Although the air temperature hovered in the 30s this past weekend, I decided to give fall bassin’ one last shot …
So, while most of my buddies were making last minute deer hunting preparations or shooting ducks and geese, I put on the long underwear, Frabill Stormsuit, hitched up the boat and hit the water.
Keep in mind that my childhood home of Otter Tail County, Minnesota, has nearly 1100 lakes, so picking just one lake to fish can be a difficult task … but on Saturday night I narrowed my list to a few favorites and decided I’d make my decision depending on the weather in the morning.
At 5:30 am I awoke to rain and 15 miles per hour winds out of the northeast. That meant a couple lakes were definitely out of question, so I headed to the small 250-acre "Lake X," where I knew I could manage the wind.
To give you an idea, 'Lake X' is the perfect maternity ward for bass: hardstem bulrush and cattail stands in sand around the entire perimeter of the lake, bays on both ends, and a fertile weedline of interspersed cabbage, coontail, northern milfoil, and floating-leaf pondweed. Yep, it’s a bass factory—lots of fish between two- and four-pounds—and a good number of 4s, 5s and 6s.
I hit the water at 7 am and decided to run and gun until I found fish. I kept my head on swivel, watching my Humminbird 788ci HD DI as I headed toward the lake’s southeastern point (see spot 1 on map), all the while looking for fish in deeper water. The unit read 46-degrees water surface temp.
My mind was already set, although I hadn’t thrown a single cast. I was going to fish swim jigs, spinnerbaits and cranks on a slow retrieve—and football jigs on the deeper transitions.
I positioned the boat in 15 feet of water to work the weeds in five to 10 feet. I had half a dozen rods rigged: spinnerbait, crankbait, Texas-rigged worm, swim jig and football jig.
I started the morning by fan-casting a spinnerbait to locate aggressive fish. Right off the bat, I boated a thick 16-inch bass on the tandem willow Reed Runner. My hopes were up; it was going to be a good day.
And just as my mind began to repeat this optimism I knew I had hexed the trip. Like my dad used to say: “Don’t get your skill and courage confused.”
15 minutes later, nothing. Twenty minutes, nothing.
I grabbed the crankbait rod. Five minutes. Ten minutes. Still nothing.
Repeat with swim jig—nothing.
Then it hit me. Halloween ... let's try something that creeps and crawls!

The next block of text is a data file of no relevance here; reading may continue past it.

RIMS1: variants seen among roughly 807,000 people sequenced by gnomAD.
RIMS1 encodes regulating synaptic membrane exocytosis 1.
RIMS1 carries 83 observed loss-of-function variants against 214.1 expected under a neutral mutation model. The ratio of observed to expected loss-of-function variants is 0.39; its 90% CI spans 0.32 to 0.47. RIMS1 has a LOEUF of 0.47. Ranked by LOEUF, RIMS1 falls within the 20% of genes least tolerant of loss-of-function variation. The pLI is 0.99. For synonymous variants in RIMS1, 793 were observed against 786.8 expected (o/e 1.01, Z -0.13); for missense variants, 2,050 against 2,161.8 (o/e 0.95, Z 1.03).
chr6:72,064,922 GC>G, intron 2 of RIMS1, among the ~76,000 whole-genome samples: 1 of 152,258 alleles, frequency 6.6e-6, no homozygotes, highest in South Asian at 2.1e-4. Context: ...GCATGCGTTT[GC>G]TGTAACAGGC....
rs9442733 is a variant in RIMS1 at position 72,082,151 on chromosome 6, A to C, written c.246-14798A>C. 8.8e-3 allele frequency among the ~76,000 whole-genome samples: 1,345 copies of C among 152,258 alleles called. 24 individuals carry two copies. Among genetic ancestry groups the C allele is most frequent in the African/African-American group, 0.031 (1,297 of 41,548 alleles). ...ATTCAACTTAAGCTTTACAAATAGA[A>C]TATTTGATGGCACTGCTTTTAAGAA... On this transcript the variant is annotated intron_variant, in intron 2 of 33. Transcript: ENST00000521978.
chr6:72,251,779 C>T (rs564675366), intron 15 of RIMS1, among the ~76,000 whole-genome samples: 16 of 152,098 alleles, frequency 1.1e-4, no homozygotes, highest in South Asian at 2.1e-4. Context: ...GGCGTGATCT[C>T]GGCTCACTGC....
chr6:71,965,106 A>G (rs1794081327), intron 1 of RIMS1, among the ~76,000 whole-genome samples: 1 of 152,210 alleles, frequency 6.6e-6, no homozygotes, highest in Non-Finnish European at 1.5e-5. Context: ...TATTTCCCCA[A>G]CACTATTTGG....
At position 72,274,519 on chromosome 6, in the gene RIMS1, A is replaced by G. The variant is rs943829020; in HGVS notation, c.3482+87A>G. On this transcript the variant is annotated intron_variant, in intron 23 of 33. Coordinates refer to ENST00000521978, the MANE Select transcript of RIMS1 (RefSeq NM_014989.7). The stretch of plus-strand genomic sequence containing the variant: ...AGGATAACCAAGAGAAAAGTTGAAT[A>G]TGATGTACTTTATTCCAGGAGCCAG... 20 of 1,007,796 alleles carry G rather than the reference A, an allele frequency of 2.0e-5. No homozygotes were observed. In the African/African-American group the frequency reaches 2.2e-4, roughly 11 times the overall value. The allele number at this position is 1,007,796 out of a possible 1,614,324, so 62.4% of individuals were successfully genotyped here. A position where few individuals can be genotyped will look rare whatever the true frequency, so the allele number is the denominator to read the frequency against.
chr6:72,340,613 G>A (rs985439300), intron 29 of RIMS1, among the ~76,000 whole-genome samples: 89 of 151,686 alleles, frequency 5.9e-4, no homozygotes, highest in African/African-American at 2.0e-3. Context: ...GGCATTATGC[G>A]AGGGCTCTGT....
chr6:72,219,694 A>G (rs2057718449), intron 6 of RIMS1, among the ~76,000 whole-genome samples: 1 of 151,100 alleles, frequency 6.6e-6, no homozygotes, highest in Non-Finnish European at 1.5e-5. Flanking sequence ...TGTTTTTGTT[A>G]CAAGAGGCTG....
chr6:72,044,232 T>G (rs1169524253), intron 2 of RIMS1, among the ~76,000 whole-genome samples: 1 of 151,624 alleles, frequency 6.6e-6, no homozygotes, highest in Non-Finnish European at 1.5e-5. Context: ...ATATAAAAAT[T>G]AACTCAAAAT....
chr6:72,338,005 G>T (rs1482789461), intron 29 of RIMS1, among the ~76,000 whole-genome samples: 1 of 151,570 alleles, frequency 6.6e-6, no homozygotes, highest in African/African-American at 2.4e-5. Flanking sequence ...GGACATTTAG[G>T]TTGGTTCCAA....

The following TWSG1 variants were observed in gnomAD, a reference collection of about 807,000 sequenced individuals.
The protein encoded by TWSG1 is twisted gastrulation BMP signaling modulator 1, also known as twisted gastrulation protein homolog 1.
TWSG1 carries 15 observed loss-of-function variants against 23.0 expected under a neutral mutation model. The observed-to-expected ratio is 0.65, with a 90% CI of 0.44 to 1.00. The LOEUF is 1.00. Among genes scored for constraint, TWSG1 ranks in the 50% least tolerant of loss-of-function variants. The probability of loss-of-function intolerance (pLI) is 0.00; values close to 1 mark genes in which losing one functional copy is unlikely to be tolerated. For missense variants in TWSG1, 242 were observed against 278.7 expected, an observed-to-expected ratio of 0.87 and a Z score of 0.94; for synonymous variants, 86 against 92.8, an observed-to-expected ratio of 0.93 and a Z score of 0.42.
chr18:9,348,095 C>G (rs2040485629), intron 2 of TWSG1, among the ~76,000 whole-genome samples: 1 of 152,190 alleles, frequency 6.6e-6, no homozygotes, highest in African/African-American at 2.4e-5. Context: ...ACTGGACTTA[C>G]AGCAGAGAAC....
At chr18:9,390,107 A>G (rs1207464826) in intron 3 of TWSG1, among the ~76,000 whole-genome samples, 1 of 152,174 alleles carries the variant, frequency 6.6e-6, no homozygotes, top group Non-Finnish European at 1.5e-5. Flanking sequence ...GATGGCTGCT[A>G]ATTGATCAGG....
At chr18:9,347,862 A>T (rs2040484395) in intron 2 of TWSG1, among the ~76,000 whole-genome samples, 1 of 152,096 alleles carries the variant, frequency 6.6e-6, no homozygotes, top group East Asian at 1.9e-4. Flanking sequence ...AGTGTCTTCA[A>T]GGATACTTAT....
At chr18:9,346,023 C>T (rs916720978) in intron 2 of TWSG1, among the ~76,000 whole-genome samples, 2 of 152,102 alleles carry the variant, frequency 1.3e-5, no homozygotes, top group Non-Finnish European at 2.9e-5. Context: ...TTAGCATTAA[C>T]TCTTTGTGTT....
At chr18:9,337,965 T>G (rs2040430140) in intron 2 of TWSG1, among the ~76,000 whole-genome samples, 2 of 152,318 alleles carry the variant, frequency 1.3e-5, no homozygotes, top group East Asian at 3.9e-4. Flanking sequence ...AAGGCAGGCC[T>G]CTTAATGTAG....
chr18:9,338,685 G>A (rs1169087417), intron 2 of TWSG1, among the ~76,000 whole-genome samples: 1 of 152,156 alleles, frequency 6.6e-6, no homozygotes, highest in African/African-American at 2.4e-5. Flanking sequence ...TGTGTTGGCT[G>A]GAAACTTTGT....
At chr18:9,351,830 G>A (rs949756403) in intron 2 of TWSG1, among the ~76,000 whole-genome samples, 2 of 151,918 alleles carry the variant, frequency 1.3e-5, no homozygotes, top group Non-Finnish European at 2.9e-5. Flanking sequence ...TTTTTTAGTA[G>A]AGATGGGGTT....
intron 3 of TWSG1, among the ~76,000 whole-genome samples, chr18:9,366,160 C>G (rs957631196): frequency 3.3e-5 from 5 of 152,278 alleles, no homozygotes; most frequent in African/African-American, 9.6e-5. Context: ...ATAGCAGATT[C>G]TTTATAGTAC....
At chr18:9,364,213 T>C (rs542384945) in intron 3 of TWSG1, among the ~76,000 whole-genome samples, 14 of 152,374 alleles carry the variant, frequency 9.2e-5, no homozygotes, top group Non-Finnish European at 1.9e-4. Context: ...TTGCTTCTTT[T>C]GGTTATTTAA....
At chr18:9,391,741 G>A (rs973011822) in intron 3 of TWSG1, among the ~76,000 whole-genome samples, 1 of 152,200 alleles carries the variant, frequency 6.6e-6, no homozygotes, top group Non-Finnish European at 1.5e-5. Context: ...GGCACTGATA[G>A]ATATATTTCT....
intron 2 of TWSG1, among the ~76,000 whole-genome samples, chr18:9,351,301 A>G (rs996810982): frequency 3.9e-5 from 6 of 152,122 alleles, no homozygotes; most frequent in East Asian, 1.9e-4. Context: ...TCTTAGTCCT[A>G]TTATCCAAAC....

I swapped the swim jig for a Gene Larew 7/16-ounce HardHead and 4 1/4-inch Biffle Bug. I pitched the bug up into a pocket on the far inside of the weedline. Tap-tap, bam! A nice 15-inch fish.
This pattern repeated as I worked the lake’s points (see spot 1, 2, 3 and 4 on map). These bass wanted candy—fat and ugly creature bait stuff like the Biffle Bug. As a result, I boated a dozen fish between two- and four-pounds and lost nearly as many, including one toad who buried his nose in the thick stuff and wrapped me around a log (see spot 3 on map).
What I discovered really surprised me. The fish weren’t stacked up along the edges of the weedlines or deeper transitions—they were up in four- to six-feet in pockets of water between thick clumps of submerged vegetation relatively close to shore.
Something else: Nearly all fish were caught in areas where silt transitioned to mixed sand and rock. Any time I felt the morse code of the HardHead bouncing rock, I subsequently caught fish. And every fish was caught immediately after the bait hit bottom or sat motionless for a few seconds between twitches.
I doubt if these bass had ever seen this particular creature combo of Biffle Bug and HardHead. And they took to it with the zeal of a kindergartner faced with a whole shopping bag of chocolate goodness!
What's The Lesson?
Don’t get caught up in doing what you’ve always done—or relying on textbook examples of how to catch bass.
Search for fish in places you typically overlook and don’t be afraid to switch up and try new patterns, regardless of what our past seasonal experience tells us. I'm as guilty as anyone when it comes to using the same old approaches.
But, the more I learn about conditioned fish, fishing pressure and just how bass respond to stuff they seldom see (or have never seen), the more I'm convinced that the successful angler is the guy who's versatile and creative. Or, like me, a fisherman prone to successful accidents!
As always, I'm grateful for another day on the water and the chance to learn something new.
What a great way to put the open-water season to bed!
Slack is evil: tight lines,